Denhollander was seven the first time someone touched her inappropriately. He was someone she knew from her church. When she told her parents years later, it confirmed their suspicions. They had seen signs the man might be grooming her for future abuse and had gone to church elders. Some of them viewed the parents as making baseless accusations.
"You just see," Denhollander says now. "Once you are attuned to it, you see how people talk about abuse, you see how they respond to survivors. You see what happens when an accusation is made against someone in their own community, and the way they are treated."
Denhollander had always been clear-eyed and cautious, even as a child. After being homeschooled all her life, she earned a law degree from Oak Brook College, a correspondence school. She felt certain she was not Nassar's only victim, that someone must have reported him. But if he had not been stopped, that meant those who spoke had been silenced.
Whenever she considered coming forward, she was confronted with her greatest fear: that he would win and know he was untouchable.
ONE MORNING in August 2016, Denhollander was rocking her teething infant daughter, Ellianna, when she came across a link on Facebook to an Indianapolis Star article that described how USA Gymnastics had failed to alert authorities of sexual assault allegations against coaches. Inspired, she fired off an email to a tip line linked at the bottom of the story.
"I have seen little hope that any light would be shed by coming forward, so I have remained quiet," she wrote. "If there is a possibility that is changing, I will come forward as publicly as necessary."
Reporter Mark Alesia fielded her tip. "It's really remarkable," he says. "So much of this story involved trying to convince people to share information ... but I can't remember a time when Rachael was reticent about something."
She knew that to accuse someone as prominent as Nassar, she had to seem credible. So she produced her dossier and freely revealed details about her abuse to reporters and then police. She carefully selected her outfits for on-camera interviews and for court appearances. Even her reactions left her open to scrutiny: Tears are the mark of a hysterical woman, but showing no emotion could sow doubt. And most important, she tried to seem accessible, so other survivors would feel comfortable reaching out to her. They are always her focus. They are why she sent that email.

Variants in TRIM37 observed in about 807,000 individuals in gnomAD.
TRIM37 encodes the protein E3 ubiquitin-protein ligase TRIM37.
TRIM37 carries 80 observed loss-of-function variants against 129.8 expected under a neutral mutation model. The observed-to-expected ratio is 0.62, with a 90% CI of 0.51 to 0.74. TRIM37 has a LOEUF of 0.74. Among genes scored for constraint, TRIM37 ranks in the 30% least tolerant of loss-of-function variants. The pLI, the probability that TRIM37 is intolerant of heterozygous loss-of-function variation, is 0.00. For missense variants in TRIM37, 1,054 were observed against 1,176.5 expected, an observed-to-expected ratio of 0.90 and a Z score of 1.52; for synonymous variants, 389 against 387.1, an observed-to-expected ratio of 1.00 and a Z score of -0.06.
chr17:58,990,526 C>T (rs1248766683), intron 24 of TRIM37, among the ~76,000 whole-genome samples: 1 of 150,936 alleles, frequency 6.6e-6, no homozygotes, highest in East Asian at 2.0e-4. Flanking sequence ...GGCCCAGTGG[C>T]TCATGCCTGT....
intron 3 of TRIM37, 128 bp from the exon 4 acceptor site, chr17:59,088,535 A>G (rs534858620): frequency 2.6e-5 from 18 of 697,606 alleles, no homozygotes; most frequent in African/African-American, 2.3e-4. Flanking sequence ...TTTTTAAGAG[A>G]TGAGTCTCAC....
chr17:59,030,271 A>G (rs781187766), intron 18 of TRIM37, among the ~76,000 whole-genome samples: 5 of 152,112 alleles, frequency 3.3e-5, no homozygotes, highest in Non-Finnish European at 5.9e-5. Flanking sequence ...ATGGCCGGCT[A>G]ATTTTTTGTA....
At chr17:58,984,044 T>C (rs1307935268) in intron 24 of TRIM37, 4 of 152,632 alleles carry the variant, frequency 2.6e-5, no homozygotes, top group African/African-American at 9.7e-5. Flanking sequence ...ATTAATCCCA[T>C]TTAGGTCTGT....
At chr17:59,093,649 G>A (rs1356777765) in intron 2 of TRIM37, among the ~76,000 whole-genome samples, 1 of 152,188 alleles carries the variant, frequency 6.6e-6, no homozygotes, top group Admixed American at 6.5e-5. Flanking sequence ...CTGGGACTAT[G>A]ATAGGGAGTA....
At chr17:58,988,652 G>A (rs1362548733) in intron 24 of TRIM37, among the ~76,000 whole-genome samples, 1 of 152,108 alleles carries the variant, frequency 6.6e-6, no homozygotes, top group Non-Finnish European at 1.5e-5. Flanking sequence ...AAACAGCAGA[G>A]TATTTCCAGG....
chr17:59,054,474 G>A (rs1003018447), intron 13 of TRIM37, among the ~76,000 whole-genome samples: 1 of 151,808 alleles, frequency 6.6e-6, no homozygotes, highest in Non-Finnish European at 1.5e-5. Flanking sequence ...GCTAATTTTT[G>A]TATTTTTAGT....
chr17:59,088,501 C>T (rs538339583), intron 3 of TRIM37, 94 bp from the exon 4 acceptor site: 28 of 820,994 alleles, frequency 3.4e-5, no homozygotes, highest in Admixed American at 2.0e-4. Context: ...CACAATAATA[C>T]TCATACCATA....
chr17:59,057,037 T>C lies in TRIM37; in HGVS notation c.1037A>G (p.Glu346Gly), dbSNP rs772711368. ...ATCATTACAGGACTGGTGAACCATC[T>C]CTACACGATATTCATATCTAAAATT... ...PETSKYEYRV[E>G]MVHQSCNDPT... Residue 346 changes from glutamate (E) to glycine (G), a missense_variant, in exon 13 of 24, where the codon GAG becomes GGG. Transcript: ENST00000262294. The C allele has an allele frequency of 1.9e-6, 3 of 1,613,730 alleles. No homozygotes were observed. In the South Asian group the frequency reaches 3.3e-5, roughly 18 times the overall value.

"I didn't want anybody else to go through it," she says. "I wanted them to have a choice, how they came forward, and what they did. I didn't have that choice, but I wanted them to."
This is, of course, not strictly true. She could have chosen to confront her private demons privately forever. Instead she has chosen to shoulder other people's agony on a near-nightly basis, fielding calls from other survivors. She is involved in drafting legislation to extend the statute of limitations and is a party in a civil suit against Nassar, USA Gymnastics and others. She could have avoided all this if she had never written that email.
"Then I would have to live with that choice," she says. "I don't think I could have. I really don't think I could have. Because it was the right thing to do."
DENHOLLANDER BELIEVES all people are capable of redemption, but she still sees a lot of failure: politicians who seem more interested in holding on to their seats than eliminating the statute of limitations in sexual assault cases, church leaders who cover up abuse rather than root it out. And the assaults still haunt her. She cringed when obstetricians delivered each of her children, otherwise joyful moments marred by fear. In her nightmares it isn't Nassar who hurts her; it's others she trusts.
But for a person who has seen the worst in people, Denhollander has spent the last two years making an extraordinary bet on the best. People who really expect humans to behave poorly do not wake up every morning and try to fix the world.
She thinks often of the society she will leave her children: seven-year-old Jonathan, four-year-old Annaliese, three-year-old Ellianna and Elora. Jonathan is cautious like his mother; when he was a toddler, Rachael would take him to the playground and laugh as he listed all the hazards. Annaliese was fearless from the start. By the time she was 10 months old, she was teaching her big brother to explore and getting them both into trouble. Some days she wants to be a ballerina, some days an Air Force pilot, some days both. For Christmas she asked for a documentary on the pyramids of Giza. But recently she has expressed an interest in taking gymnastics classes. Rachael is inclined to let her.
"I DIDN'T WANT ANYBODY ELSE TO GO THROUGH [WHAT I WENT THROUGH]," DENHOLLANDER SAYS. "I WANTED THEM TO HAVE A CHOICE, HOW THEY CAME FORWARD, AND WHAT THEY DID."